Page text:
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New Mexico

Q&A with Intern David Diaz

Instead of kicking up his feet, 23-year-old David Diaz rolled up his sleeves and took on some tough tasks during an internship with The Nature Conservancy in New Mexico. Not only did the University of Florida graduate gain valuable work experience, he also embraced a new culture. The Conservancy spent time with this promising bilingual conservationist…
“New Mexico is the land of enchantment. The scenery and environment is out of this world!”

- David Diaz, Intern 

nature.org:

How did you find your way to The Nature Conservancy?

David Diaz:

I read about someone doing an internship with the Conservancy in Ecuador and I thought that sounded cool. I did some research on the Conservancy with special focus on conservation ecology. I decided New Mexico would be the best place for that kind of work…and that’s where I landed.

nature.org:

What inspired you to get into conservation?

David Diaz:

While I was in college I was lucky enough to study in Brazil. I expected to see the forests well kept. When I was there I saw firsthand the terrible shape they were in. I saw potential for helping conservation efforts.

nature.org:

Describe what you did during your internship?

David Diaz:

A lot of my focus on the Gila National Forest was stewardship and easement monitoring. I also worked on a hydrological survey to help determine climate change impact. I got some experience working with a variety of partners while in the Jemez Mountains. We focused on photo monitoring. There are set GPS points across the mountains. Every 5-10 years, you find those points and take pictures to see how the landscape has changed. From the forest I went to the grasslands in southeastern New Mexico. While I was there, I determined where prairie dogs were living and how many were living there.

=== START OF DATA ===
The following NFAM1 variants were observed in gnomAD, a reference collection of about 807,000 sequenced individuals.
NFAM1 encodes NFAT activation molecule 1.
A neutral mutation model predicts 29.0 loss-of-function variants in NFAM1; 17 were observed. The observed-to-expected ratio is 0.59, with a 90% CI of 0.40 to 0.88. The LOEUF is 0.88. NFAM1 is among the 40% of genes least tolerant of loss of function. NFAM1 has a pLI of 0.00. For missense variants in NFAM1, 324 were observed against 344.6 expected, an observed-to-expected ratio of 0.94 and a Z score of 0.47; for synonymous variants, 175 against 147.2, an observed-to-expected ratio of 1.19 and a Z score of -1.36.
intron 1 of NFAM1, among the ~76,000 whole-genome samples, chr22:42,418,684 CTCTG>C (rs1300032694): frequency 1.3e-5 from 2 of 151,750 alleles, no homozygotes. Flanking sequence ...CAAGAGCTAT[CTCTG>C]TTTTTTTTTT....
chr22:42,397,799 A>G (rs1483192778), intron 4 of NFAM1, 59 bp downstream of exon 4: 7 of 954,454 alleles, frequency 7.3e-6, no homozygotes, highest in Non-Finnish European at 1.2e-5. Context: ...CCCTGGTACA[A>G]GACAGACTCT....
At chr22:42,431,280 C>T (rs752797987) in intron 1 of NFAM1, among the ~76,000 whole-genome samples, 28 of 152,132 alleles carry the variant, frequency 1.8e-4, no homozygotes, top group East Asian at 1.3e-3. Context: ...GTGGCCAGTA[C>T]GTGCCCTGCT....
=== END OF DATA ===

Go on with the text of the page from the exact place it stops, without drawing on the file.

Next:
nature.org:

Did you have any aha moments while you were in the field?

David Diaz:

Oh yeah, I’ll never forget my time in the grasslands. While monitoring prairie dogs I had to get on my knees and look into holes in the ground. I saw tons of black widows. Then, I’d get up to move to the next hole and I’d run into a rattlesnake. You don’t see any of that at first. Then, you get close up and it’s a whole different world.

nature.org:

How has the internship impacted you?

David Diaz:

This experience has helped me grow. Conservancy colleagues pushed me to expand my horizons in the field and in the office. They made me feel like I was part of their team and that made me work even harder. It was a wonderful experience and I’m grateful.

nature.org:

What is your dream job?

David Diaz:

I hope to do conservation work abroad. I want to help developing countries protect their environmental and cultural resources. I’ve seen how important it is to get communities engaged in conservation work. I want to be a part of that movement.

nature.org:

Aside from the cool work you did, what will you tell your friends and family about New Mexico?

David Diaz:

New Mexico is the land of enchantment. The scenery and environment is out of this world! The sunsets paint the sky with blues and purples. They’re unforgettable. I’ve also become a fan of country music. I never really understood it before. Now I have a stronger connection to it.

nature.org:

What about the food? Did you try anything new?

David Diaz:

I bit into a green chili cheeseburger on my first night in New Mexico. The spices nearly brought tears to my eyes, but that didn’t keep me from ordering green chili cheeseburgers all summer. Frito pies were new to me, too. They’re awesome, piled high with chili, cheese and jalapenos. Bottom line… I’m into spicy food now.


From New Mexico, David’s heading to the east coast for a few months. Next up is grad school where he plans to get a master’s in Conservation Ecology.

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